The Nigeria Centre for Disease Control (NCDC) is the country’s national public health institute established in the year 2011. The agency’s mandate is to enhance Nigeria’s preparedness and response to epidemics through the prevention, detection and control of infectious diseases.

The Headquarters of NCDC is in Abuja, Nigeria. The agency also coordinates functions of its National Reference Laboratory (NRL) in Abuja and a campus, Central Public Health Laboratory (CPHL) in Lagos State.

                                                                  NCDC Administrative Headquarters at Jabi District, Abuja


A healthier and safer Nigeria through the prevention and control of diseases of public health importance.


To protect the health of Nigerians through evidence-based prevention, integrated disease surveillance and response activities, using a one health approach, guided by research and led by a skilled workforce.

Functions of the Nigeria Centre for Disease Control

  1. Prevent, detect, and control diseases of public health importance.
  2. Coordinate surveillance systems to collect, analyse and interpret data on diseases of public health importance.
  3. Support States in responding to small outbreaks, and lead the response to large disease outbreaks
  4. Develop and maintain a network of reference and specialised laboratories.
  5. Conduct, collate, synthesise and disseminate public health research to inform policy.
  6. Lead Nigeria’s engagement with the international community on diseases of public health relevance.

NCDC National Reference Laboratory Gaduwa, Abuja

NCDC Central Public Health Laboratory, Lagos


Some Key Achievements 

  • Nigeria HIV/AIDS Indicator and Impact Survey

In 2019, Nigeria completed the largest ever population-based HIV /AIDS Indicator and Impact Survey (NAIIS) recorded globally. According to the NAIIS result, HIV prevalence in Nigeria is 1.5%.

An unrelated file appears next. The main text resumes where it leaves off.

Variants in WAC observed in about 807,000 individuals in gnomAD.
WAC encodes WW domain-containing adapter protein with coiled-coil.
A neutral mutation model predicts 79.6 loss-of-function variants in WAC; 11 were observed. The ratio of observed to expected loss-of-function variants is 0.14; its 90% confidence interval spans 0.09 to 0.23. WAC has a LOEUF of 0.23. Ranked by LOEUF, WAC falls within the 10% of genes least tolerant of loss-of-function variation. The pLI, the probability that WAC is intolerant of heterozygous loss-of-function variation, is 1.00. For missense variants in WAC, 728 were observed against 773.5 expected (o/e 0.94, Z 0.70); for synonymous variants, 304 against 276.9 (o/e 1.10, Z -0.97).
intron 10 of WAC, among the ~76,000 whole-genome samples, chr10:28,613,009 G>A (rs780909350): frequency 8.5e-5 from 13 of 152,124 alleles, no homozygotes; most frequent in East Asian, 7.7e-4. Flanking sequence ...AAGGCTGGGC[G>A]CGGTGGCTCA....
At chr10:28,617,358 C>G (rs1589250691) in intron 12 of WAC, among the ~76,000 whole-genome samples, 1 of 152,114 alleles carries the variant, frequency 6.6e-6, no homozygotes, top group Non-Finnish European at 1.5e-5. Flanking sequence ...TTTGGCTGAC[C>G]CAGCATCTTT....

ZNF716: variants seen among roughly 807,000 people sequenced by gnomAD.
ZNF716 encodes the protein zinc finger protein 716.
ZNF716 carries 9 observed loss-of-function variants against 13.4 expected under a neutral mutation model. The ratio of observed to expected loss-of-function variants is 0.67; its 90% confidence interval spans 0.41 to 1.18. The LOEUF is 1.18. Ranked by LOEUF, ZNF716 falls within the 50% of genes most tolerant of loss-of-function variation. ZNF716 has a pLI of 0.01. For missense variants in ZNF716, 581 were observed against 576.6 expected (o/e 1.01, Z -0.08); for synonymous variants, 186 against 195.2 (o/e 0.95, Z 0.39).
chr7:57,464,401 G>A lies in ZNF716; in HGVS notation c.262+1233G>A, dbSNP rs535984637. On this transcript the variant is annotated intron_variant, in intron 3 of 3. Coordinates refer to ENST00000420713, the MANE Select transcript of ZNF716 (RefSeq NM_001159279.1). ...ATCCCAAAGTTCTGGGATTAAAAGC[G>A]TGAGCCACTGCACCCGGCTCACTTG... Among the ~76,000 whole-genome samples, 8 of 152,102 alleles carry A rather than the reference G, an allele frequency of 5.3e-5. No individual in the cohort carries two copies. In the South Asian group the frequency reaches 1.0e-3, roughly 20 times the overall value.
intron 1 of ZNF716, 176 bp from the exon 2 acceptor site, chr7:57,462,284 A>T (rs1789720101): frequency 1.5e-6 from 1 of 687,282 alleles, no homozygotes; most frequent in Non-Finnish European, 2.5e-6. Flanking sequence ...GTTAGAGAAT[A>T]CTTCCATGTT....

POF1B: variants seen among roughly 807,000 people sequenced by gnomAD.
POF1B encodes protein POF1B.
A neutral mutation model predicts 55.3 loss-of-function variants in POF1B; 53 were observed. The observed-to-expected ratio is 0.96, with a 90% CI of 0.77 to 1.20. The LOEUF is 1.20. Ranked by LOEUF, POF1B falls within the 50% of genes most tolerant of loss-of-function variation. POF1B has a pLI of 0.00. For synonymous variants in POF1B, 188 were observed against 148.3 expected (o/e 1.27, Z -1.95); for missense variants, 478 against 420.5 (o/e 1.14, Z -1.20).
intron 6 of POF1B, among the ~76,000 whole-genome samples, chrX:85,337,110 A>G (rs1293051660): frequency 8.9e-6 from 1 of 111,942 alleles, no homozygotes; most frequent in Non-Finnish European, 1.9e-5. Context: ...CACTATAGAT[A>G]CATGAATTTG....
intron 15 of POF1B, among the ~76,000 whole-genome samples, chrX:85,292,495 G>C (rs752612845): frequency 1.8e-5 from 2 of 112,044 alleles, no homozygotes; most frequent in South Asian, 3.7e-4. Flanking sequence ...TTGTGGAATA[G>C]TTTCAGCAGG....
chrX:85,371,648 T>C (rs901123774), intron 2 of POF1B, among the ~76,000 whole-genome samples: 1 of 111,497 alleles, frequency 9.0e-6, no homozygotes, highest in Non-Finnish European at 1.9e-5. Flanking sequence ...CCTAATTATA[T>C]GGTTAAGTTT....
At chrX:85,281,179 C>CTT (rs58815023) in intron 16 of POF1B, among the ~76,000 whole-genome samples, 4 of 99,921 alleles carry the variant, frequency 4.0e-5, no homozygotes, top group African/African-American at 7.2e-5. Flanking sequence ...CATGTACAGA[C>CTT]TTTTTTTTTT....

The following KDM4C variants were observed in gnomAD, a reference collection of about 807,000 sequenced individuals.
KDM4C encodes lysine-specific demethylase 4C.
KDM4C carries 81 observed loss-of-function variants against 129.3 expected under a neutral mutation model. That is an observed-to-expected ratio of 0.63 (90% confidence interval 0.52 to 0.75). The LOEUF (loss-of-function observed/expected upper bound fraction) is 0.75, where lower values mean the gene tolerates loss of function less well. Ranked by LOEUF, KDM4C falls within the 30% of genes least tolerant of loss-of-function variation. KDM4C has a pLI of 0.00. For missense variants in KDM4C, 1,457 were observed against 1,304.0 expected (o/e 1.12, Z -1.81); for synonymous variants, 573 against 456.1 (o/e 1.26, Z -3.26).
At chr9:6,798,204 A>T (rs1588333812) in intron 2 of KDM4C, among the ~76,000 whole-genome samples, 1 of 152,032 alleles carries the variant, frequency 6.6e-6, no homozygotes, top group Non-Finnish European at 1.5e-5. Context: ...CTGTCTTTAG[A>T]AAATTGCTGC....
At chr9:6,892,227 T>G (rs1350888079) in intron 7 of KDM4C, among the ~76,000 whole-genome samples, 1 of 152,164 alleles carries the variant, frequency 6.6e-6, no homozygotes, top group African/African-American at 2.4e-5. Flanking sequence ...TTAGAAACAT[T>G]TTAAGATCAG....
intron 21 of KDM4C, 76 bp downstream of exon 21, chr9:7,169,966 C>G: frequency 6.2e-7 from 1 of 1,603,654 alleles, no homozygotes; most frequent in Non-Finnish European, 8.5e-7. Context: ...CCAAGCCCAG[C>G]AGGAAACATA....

The NCDC NRL served as the central laboratory for the survey. This led this to the establishment of a large biorepository that houses the survey samples for the Government of Nigeria.

  • Nigeria’s International Health Regulations Capacity

Nigeria became the first country to carry out a mid-term Joint External Evaluation (JEE) of International Health Regulations (IHR) core capacities in 2019. The results showed that Nigeria achieved an overall score of 46%, an improvement from the baseline score of 39% recorded in 2017. The review was conducted based on standard international criteria as contained in the World Health Organization (WHO) JEE 2.0 tool for self-assessment and grading.

  • The Surveillance, Outbreak Response Management and Analysis System (SORMAS)

Since 2017, NCDC has adopted SORMAS as the tool for case-based digital surveillance. SORMAS integrates all the necessary functionalities in surveillance and outbreak response such as case investigation, contact tracing, rumour management and laboratory management of samples. This has been particularly instrumental in the public health response to diseases in Nigeria including the COVID-19 outbreak, allowing for real-time surveillance.

Within three years, NCDC has ensured the full deployment and adoption of SORMAS for digital surveillance in priority health facilities, 774 LGAs and all 36+1 states in Nigeria.

  • Public Health Emergency Operations Centre

In April 2018, NCDC established the first State Public Health Emergency Operations Centre (PHEOC) in Nigeria. These PHEOCs serve as coordination hubs for disease outbreak management and has helped to improve disease detection as well as coordination of information, resources and response to public health events. These PHEOCs also provide for collaboration with partners, relevant stakeholders and other Ministries, Departments and Agencies (MDAs).

As at September 2020, in addition to the 7 polio EOCs in the country, 27 PHEOCs have been established and 837 multi-sectoral staff strength (surge and core) trained and mentored across all 27 states with PHEOCs.

Work with PANDORA

PANDORA: Epidemiological Study of Monkeypox Contacts in Nigeria

Since 2017, Nigeria has continued to record cases of monkeypox disease in several states. This recent resurgence of monkeypox in Nigeria and some African countries and the continued exportation of the disease to non-African countries, has placed monkeypox on the global public health agenda.

Pan-African Network for Rapid Research, Response, Relief and Preparedness for Infectious Diseases Epidemics (PANDORA-ID-NET) is funding a collaborative study between the Nigeria Centre for Disease Control (NCDC) and University College London (UCL) to improve monkeypox surveillance in Nigeria and determine the burden, source(s), geographical distribution and the transmission of monkeypox in Nigeria.